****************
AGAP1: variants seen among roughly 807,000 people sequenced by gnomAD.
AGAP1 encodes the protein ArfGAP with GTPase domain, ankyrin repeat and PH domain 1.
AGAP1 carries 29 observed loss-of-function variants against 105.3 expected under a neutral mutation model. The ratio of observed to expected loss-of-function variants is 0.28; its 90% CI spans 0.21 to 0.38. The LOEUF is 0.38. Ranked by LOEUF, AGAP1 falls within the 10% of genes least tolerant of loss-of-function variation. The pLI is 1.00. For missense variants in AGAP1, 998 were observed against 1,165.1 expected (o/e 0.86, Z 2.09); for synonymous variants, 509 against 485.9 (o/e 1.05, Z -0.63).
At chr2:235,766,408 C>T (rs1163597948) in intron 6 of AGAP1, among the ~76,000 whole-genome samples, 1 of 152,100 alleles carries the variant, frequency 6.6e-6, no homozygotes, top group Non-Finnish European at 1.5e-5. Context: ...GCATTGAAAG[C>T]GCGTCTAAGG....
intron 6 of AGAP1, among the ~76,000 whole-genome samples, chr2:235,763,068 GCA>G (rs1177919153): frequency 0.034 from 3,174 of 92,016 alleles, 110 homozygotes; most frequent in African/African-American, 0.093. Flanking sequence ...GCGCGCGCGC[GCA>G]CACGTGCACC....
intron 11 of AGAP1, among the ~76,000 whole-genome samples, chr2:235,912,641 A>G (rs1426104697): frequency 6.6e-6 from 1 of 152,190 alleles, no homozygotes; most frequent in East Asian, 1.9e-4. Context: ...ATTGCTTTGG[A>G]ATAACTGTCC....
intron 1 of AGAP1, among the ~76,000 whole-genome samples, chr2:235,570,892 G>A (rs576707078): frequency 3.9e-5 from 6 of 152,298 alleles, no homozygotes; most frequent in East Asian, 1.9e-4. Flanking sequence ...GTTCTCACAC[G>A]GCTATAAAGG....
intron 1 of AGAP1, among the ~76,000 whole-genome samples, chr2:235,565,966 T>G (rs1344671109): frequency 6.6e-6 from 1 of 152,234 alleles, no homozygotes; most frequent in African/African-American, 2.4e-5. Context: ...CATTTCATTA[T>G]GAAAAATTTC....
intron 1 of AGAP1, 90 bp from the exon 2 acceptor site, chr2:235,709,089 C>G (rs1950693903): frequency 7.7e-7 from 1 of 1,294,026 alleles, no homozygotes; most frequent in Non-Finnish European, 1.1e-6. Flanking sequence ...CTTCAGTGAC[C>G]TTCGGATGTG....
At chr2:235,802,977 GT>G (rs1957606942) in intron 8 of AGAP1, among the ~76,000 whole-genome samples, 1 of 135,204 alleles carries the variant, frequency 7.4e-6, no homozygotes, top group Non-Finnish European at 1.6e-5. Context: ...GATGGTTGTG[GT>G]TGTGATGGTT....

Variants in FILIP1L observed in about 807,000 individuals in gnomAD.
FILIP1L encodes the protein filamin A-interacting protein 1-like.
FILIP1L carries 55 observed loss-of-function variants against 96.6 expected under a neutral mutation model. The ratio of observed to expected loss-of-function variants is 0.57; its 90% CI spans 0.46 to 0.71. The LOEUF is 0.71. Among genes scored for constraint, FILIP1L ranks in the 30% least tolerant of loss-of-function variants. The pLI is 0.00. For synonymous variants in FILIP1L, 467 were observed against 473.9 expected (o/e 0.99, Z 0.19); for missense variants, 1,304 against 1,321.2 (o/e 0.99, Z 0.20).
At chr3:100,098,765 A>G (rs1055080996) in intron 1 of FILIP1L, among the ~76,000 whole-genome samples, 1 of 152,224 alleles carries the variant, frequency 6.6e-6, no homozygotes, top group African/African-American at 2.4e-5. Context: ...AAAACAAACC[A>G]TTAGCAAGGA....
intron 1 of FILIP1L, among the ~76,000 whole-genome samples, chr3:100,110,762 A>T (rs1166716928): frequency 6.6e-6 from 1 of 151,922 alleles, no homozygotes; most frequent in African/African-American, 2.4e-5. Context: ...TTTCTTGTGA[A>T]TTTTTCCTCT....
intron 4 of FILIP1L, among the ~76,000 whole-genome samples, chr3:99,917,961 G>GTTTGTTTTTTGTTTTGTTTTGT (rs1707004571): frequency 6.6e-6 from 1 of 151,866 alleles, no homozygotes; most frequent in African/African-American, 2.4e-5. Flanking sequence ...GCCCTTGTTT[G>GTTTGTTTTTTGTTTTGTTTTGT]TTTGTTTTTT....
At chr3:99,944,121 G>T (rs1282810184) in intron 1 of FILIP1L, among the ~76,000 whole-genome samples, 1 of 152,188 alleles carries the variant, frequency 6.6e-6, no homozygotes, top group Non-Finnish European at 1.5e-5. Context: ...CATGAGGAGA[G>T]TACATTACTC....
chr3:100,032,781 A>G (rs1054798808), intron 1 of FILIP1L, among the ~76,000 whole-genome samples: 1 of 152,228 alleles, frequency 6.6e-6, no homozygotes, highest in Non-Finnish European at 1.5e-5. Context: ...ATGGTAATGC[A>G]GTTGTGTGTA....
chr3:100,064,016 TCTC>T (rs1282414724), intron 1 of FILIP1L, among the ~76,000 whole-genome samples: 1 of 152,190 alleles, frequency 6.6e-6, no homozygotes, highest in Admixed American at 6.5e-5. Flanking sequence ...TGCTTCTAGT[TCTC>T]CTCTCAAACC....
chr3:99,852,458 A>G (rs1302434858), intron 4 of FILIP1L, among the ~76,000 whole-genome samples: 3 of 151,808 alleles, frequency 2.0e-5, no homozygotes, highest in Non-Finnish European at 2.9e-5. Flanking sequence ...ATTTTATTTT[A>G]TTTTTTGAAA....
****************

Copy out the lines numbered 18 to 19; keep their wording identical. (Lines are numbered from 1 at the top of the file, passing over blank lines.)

chr3:100,032,781 A>G (rs1054798808), intron 1 of FILIP1L, among the ~76,000 whole-genome samples: 1 of 152,228 alleles, frequency 6.6e-6, no homozygotes, highest in Non-Finnish European at 1.5e-5. Context: ...ATGGTAATGC[A>G]GTTGTGTGTA....
chr3:100,064,016 TCTC>T (rs1282414724), intron 1 of FILIP1L, among the ~76,000 whole-genome samples: 1 of 152,190 alleles, frequency 6.6e-6, no homozygotes, highest in Admixed American at 6.5e-5. Flanking sequence ...TGCTTCTAGT[TCTC>T]CTCTCAAACC....